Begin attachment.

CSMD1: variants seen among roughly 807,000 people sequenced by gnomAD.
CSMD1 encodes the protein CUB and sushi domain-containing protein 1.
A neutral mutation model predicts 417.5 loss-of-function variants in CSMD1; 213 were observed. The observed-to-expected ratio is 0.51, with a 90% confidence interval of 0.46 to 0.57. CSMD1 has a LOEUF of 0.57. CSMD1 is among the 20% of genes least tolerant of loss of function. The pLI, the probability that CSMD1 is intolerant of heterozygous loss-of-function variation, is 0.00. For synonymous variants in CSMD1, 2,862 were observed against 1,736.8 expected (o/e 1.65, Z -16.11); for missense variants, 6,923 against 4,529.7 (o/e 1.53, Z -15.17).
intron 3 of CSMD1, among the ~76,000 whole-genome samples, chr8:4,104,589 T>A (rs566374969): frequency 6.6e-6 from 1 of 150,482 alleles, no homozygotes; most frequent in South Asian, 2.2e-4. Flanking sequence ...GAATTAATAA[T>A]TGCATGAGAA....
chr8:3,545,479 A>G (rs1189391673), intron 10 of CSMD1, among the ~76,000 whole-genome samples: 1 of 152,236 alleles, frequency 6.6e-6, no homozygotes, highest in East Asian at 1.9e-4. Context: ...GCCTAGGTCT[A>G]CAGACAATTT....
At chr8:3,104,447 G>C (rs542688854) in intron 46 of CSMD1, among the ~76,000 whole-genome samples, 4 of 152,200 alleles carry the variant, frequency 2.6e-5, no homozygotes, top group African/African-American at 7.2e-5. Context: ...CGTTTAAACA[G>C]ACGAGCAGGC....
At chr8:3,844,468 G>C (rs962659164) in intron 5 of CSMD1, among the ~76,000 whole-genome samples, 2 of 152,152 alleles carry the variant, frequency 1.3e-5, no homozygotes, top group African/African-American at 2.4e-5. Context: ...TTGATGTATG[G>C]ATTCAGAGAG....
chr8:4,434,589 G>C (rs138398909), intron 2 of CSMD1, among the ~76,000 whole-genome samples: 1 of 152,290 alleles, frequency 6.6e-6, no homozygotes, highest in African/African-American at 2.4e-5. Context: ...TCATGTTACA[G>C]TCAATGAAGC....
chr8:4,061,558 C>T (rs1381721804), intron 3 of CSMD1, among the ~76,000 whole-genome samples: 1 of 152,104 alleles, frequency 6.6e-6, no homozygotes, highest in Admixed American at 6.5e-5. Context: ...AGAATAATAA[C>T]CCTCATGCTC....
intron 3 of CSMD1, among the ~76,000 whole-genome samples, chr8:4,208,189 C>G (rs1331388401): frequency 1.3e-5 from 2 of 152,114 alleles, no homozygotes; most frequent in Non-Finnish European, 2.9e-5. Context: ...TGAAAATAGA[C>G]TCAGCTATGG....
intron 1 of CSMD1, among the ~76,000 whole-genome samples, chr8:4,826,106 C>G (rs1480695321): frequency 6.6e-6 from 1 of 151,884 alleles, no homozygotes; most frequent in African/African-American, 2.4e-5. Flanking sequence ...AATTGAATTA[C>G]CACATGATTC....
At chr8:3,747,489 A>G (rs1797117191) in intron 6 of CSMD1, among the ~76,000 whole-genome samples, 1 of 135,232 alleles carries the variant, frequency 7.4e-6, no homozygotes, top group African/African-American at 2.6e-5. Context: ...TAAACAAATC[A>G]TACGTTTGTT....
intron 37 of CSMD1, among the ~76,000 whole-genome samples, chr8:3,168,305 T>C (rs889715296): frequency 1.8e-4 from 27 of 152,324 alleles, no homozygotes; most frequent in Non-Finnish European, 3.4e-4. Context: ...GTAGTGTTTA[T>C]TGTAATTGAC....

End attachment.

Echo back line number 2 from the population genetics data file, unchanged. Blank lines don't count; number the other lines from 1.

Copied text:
CSMD1 encodes the protein CUB and sushi domain-containing protein 1.